Supreme Court Upholds San Francisco Health Care Plan Requiring Employer Contributions

On June 28, 2010, the United States Supreme Court announced that it would not hear a challenge to San Francisco’s universal health care program filed by the Golden Gate Restaurant Association.  The announcement effectively put an end to a four-year legal battle.

One provision of program, titled “Healthy San Francisco,” requires that businesses with at least 20 workers either provide health care coverage to their employees or pay a certain amount of money per employee hour worked to fund the health care program.  Business groups sued to halt the program, asserting that it is preempted by ERISA because it impermissibly creates an ERISA plan, or alternatively is related to employers’ existing ERISA plans.  In 2008, the Ninth Circuit ruled that the program was not preempted by ERISA.  In refusing to hear the business-led challenge to the health care program, the Supreme Court effectively sustained the Ninth Circuit’s ruling.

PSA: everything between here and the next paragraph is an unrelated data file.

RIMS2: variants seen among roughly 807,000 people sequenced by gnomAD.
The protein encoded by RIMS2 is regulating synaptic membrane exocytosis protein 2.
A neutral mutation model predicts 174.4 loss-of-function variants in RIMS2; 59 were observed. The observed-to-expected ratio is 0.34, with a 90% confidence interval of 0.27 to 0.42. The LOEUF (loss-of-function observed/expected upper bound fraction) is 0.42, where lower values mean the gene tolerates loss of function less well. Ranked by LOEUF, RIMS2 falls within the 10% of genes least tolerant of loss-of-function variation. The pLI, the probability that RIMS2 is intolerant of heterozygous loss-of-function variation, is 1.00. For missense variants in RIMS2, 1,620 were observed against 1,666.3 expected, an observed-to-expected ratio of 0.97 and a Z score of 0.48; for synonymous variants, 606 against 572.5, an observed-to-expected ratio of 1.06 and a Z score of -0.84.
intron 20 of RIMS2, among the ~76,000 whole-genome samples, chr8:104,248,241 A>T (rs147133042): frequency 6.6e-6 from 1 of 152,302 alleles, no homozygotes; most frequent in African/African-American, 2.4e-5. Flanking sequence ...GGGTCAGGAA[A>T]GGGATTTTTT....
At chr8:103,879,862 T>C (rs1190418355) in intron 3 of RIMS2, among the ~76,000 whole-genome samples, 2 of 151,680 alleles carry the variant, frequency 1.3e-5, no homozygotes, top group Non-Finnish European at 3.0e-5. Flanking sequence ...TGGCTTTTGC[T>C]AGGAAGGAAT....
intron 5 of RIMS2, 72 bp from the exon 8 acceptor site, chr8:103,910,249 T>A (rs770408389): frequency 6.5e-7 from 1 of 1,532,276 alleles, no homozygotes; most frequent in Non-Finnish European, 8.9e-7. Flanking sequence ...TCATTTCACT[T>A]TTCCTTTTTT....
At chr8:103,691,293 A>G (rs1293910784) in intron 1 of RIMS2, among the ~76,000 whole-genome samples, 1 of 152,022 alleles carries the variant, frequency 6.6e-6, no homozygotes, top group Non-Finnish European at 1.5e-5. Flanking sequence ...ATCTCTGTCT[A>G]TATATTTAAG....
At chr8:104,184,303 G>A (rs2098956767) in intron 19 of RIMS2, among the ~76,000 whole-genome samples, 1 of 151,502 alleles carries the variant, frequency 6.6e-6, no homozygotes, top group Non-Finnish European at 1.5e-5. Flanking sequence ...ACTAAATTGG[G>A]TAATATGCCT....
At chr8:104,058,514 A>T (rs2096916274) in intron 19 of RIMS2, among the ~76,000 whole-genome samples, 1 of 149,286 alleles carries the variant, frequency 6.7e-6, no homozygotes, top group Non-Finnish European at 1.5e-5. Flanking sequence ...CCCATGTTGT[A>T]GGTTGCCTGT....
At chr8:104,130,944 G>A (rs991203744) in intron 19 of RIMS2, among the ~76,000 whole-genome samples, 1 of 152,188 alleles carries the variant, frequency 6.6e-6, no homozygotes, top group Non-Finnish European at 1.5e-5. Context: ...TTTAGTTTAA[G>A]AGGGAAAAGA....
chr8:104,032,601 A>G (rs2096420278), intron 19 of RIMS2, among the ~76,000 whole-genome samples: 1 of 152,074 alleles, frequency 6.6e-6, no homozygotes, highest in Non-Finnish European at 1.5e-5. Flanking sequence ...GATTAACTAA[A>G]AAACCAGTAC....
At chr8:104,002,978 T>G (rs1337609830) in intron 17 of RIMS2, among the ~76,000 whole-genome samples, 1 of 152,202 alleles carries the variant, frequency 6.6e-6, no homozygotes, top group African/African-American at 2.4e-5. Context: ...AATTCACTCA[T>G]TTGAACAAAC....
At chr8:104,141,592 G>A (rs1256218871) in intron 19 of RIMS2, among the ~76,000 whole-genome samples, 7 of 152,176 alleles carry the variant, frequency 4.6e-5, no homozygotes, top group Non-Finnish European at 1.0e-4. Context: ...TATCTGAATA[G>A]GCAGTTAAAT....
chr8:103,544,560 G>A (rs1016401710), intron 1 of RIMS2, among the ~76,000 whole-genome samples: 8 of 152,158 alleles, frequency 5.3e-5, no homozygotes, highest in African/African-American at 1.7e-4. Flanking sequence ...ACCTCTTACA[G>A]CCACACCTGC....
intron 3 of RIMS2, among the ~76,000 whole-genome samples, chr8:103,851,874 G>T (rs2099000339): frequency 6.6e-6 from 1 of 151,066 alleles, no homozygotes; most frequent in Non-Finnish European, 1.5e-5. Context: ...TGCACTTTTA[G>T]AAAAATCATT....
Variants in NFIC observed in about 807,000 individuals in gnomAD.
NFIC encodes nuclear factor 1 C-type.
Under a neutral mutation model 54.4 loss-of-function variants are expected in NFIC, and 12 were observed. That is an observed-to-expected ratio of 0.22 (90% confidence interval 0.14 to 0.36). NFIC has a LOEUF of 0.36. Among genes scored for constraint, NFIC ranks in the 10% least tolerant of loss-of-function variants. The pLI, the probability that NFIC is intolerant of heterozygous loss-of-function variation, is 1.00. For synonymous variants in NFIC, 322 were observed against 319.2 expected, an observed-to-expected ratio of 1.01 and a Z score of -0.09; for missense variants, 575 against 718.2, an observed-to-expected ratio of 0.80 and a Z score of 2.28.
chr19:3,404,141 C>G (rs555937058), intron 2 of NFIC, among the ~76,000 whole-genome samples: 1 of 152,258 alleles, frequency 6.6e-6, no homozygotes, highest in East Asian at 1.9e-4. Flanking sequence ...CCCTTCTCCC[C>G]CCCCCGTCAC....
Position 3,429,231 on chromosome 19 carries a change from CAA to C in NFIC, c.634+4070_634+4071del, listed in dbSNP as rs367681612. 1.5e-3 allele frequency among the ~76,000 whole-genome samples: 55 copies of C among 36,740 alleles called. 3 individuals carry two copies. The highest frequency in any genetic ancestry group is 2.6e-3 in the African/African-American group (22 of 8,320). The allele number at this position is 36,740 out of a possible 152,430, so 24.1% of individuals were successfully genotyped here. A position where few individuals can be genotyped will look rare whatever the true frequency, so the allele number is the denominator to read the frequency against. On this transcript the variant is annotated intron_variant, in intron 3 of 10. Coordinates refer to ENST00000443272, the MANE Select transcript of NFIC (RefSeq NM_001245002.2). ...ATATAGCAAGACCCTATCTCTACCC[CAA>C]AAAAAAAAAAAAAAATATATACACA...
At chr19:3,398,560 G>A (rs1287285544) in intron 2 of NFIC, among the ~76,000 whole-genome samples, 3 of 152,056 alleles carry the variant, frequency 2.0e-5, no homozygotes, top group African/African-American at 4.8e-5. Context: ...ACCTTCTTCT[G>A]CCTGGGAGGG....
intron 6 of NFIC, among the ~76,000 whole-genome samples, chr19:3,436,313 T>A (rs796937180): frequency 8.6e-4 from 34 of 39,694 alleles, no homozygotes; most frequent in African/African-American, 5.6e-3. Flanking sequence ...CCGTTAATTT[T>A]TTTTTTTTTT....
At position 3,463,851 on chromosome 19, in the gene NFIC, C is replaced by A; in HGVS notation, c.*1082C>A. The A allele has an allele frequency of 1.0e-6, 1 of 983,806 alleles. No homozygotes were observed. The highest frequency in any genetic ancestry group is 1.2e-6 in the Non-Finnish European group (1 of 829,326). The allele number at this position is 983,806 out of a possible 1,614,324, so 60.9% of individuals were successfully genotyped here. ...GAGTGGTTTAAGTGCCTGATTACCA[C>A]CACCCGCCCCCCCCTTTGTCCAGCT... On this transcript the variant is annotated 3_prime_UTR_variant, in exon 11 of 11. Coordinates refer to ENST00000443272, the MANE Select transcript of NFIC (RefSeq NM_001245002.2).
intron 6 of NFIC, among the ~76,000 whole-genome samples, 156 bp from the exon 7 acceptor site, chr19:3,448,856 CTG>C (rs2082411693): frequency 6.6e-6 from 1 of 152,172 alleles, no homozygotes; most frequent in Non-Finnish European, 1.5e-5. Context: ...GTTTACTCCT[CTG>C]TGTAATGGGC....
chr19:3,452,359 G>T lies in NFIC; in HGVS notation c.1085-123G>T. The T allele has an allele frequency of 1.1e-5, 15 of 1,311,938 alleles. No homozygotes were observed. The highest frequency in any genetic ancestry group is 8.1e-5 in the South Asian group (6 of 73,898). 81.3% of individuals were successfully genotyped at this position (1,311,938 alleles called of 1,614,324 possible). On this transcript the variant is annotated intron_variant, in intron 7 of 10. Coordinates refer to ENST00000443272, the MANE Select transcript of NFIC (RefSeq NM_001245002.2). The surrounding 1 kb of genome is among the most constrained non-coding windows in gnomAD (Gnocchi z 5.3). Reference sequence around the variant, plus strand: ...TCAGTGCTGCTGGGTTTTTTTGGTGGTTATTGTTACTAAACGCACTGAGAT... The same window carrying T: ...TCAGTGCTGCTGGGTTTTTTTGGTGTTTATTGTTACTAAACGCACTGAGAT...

The Supreme Court’s decision was consistent with the Obama administration’s recommendation that the Court turn down the case, in part because the recently enacted national health reform law makes similar city- or state-level programs unlikely.

See a summary of the Ninth Circuit’s ruling here.

See previous Golden Gate news posts here and here.

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